Day Twenty Three


I left the door unlocked.

Rain pounds against the side of the car for the first few hours, but eerily turns to snow as the sun breaks over the ridges in front of me.  The flurries drive the car near the guardrail with each gust. 

Snow drifts that have refused, so far, to stick to the road begin brushing against the Jeep.  Every few minutes I have to bounce up and down to stay warm enough to keep my fingers curled around the steering wheel.  The heat in the Jeep works, but not well.  On every radio station, static.  The display reads December 15, 2:32PM.  Cleaver is panting loudly next to me, his tongue hanging, contaminating the car with wet slobber with a shrill ping against the vehicle’s metal each time saliva drops from his mouth.  And something under the hood is squeaking.  Either it has been squeaking the whole time or I can only hear it now as the wind dies down for just a moment.  Every other moment the ping of saliva is punctuated with a squeak.  The melody becomes maddeningly rhythmic.  I grab Cleaver’s jaw and gently pinch it shut.  For a moment he holds it closed, looks to his right, to the front, and opens his mouth again.  Ping!  Squeak!

We pass a sign, almost lost in the storm.  DOVER CITY, MORE OF A TOWN!  In front of me is an ashen road, snow drifts dancing across it carelessly, each one less violent than the last.  The snowfall itself is increasing, and the wind is giving up.

“If you’re burdened down with trouble…”

Cleaver turns to watch me.

“If your nerves are wearin’ thin…”

Squeak! Ping!

“Pack your load, down the road and come to Holiday Inn!”

Cleaver barks and I nearly veer off the road in surprise.  I stare at him.



An awkward moment passes between us.

“Happy Holidaaaaaaays!”

He howls.

“Happy Holidaa-”

I slam on the brakes and the truck skids to a halt.  Dover City is empty, of course.  In front of me stretches the main street, tacked onto the highway.  To the right sewing, hardware, and coffee shops offset the restaurants and bars to the left.  My eye stops at a run-down, especially sketchy-looking building that might have recently doubled as a barn.  Below a grimy overhang a sign reading Jay’s practically falls off the local bar.  Barely legible beyond the snow a crisp slice of white spray paint crossing the door reads WHO in bold capital letters. There are no windows.

“Well Toto, we’re home.”

I step out of the vehicle, zipping up one of the army-issue field jackets I had been shivering in while inside the car.  The air is crisp but not chilling, not literally.  My skin tends to crawl when I’m alone in snowfall.  I know for most people it’s spiritual or peaceful.  But I somehow expect snow to make noise when it falls.  Unless it’s huge chunks, snowfall will be silent.  Like today.  I look up and down the road but it’s pointless, the wind is dying down and the snow provides a sheet of invisibility.  There could be anyone out there, and I would never know.  I pull an army issue M16 from the back of the Jeep and I have to wrench it out of its spot underneath the seat.  Probably not the best way to store it.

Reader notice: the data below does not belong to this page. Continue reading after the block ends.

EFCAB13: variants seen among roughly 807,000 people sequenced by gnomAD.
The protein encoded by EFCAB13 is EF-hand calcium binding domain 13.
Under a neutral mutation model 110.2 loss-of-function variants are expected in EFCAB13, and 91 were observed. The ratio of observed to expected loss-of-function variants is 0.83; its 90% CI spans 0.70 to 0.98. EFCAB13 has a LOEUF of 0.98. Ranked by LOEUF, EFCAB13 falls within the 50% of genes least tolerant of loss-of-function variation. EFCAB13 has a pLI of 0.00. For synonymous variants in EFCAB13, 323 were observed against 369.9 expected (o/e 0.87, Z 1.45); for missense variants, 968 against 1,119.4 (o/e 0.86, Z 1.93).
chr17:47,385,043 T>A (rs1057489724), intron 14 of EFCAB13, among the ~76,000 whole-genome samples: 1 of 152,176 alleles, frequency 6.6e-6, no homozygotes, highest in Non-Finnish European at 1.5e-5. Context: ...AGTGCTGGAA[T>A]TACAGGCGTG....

“Hello?!? Can anybody hear me?”

The yell bounces off the buildings’ walls and back in my face.  The snow doesn’t miss a beat.  Did I expect it to?

I hesitantly start across the street towards Jay’s.  Against most of the buildings snow is beginning to drift into piles.  As I approach Jay’s I can see that the door has been wedged shut from the inside where a piece of wood is shoved under the door and peeks out the other side.  Had it been Jay before he too left Dover City?  A small tool shed door is open on the end of the building and there I find an axe.  After much effort I manage to mangle the hinges enough to pull the door towards me.  The wood twists wildly under my hands.  As I pull the door ajar an overwhelming stench of ripening flesh washes over me.  My knees begin to shake and searing tears splash to my cheeks before I can even take a breath.  Before I could see the source in the shadows I was reminded of rotten beef and feces.  I get a face full of flies mere moments after this and need to step back into the snow to hold back bile.  Tying my shirt up around my nose I go back in, even though the dogs won’t follow me.

The End

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